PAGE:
Xavi’s system is overtly reliant on individual quality, to such an extent that an injury or bad game from a key player can completely destabilize the structure of the entire team. By this statement, we also encounter another risky admission; from a tactical standpoint, Barcelona are really not “elite” in any phase of play.
The team has no specialist for free-kicks or corner-kicks. Off the ball, Barca’s man-to-man approach has often left Busquets exposed, and the backline highly vulnerable. Without the quality of Araujo or Kounde, opponents have frequently made in-roads against the high line of defense. In possession, the highly advanced 8s and wide wingers made it impossible for us to stretch defenses. By switching to a 3-2-2-3 shape, we have increased the workload of the LB to maintain width on the left, more often than not leading to a lopsided attack.
After 2 consecutive successful transfer windows however, FC Barcelona had a MUCH better team than it started the 2021-22 season with under Ronald Koeman. As a natural result of the upgrade in quality across positions, a lot of our flaws get masked in-game, giving the team more flattering results than often deserved. This is also the reason that players like Pedri, Gavi, Lewandowski, Kounde, and Dembele get almost no rest when they are available for selection.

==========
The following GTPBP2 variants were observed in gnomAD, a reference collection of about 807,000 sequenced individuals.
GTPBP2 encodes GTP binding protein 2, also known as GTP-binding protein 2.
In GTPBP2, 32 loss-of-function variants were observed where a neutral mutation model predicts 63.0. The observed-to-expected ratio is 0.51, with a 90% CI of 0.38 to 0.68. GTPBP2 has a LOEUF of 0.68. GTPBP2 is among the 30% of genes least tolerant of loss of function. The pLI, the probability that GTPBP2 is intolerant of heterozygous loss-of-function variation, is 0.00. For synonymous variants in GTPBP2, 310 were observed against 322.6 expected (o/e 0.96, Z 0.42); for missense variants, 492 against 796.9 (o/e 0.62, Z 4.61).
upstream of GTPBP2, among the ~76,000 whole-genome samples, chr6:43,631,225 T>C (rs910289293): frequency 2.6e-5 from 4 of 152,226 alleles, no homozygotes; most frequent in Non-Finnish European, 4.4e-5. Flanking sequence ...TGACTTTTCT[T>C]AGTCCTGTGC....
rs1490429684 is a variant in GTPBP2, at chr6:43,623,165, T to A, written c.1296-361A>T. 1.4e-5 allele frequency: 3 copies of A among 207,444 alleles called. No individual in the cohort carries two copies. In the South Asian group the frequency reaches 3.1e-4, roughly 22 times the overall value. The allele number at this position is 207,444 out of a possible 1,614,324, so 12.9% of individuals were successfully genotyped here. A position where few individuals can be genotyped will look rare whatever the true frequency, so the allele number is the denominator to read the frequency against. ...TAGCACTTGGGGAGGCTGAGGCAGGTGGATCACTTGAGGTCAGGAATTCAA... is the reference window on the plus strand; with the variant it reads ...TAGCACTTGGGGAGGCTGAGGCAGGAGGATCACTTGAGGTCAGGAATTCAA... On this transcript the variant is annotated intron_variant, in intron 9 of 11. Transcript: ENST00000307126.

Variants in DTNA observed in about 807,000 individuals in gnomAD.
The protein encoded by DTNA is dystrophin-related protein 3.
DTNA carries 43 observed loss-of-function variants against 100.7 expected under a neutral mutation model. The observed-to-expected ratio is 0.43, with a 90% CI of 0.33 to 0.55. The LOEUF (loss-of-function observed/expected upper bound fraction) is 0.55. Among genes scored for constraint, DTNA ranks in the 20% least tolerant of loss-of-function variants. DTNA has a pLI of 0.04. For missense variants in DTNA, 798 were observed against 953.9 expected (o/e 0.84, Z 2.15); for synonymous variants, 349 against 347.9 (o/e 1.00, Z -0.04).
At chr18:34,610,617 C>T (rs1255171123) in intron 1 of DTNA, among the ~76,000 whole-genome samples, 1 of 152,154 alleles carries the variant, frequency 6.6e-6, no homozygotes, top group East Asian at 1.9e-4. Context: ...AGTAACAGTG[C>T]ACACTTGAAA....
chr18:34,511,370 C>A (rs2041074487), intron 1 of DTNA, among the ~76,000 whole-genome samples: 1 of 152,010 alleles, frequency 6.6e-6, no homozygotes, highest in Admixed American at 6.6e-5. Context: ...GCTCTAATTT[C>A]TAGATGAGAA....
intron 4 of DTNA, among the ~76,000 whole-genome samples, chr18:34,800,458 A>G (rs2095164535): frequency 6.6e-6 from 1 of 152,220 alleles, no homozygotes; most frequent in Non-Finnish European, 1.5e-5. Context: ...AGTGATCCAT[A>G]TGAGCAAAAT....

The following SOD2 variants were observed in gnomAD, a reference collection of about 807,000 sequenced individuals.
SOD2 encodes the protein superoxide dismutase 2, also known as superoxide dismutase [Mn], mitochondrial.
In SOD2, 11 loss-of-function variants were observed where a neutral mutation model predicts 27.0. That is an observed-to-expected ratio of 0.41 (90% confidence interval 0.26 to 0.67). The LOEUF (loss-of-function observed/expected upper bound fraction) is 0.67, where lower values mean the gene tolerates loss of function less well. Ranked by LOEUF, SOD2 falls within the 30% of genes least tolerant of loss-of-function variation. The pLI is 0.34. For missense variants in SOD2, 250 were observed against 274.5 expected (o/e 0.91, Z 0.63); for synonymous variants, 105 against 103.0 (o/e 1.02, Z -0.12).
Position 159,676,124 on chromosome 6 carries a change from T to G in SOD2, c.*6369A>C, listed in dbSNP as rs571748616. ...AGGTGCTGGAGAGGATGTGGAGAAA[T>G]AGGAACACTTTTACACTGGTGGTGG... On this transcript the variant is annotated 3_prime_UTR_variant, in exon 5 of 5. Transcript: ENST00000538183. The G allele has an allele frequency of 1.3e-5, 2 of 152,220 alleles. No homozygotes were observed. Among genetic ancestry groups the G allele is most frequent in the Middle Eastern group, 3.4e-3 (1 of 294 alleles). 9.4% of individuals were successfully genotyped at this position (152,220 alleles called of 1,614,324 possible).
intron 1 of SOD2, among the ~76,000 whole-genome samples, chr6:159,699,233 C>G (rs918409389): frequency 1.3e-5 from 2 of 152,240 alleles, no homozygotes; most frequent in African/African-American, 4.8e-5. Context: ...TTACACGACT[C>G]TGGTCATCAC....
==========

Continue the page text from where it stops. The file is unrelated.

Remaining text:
From this view on “good football”, I believe FC Barcelona have not consistently played good football under Xavi, or for that matter, practically anytime after 2016.
However, there is another requisition that comes as part and package of being an FC Barcelona manager. Almost as an unwritten rule, the club only seeks out managers who understand, believe, and employ the principles of Johan Cruyff.
And for over 20 years, Xavi positioned himself as a player, coach, and person who believes truly and solely in the principles of the positional game.
In an interview back in 2011, the Spaniard said “Some teams can’t or don’t pass the ball. What are you playing for? What’s the point? That’s not football. Combine, pass, play. That’s football – for me, at least.”
The same principles were echoed when the 2010 World Cup winner was managing Al-Sadd, in an interview with The Coaches Voice.
Xavi also took a dig at Atletico Madrid manager Diego Simeone for his team’s style of play last year, specifically saying the Argentinean “understands football in a different way” and “they feel comfortable without the ball. When we don’ have it I don’t feel comfortable.” A similar shade was thrown at Ancelotti’s Real Madrid side too last season.
There is nothing wrong with a manager choosing to be pragmatic to handle certain game states. In fact, I even lobbied for the same after our Champions League elimination. However, I also believe that our performances have genuinely been below-par for a good year or so, and only a slide in results is actually opening eyes to this issue. Xavi’s “holier than thou” stance on how football should be played is appreciable and not something new for any manager. But a blatant hypocrisy and failure to actually practice what he has preached, leaves a sourer taste in the mouth.
Is Xavi’s pragmatism acceptable for FC Barcelona in the future? Let us know in the comments.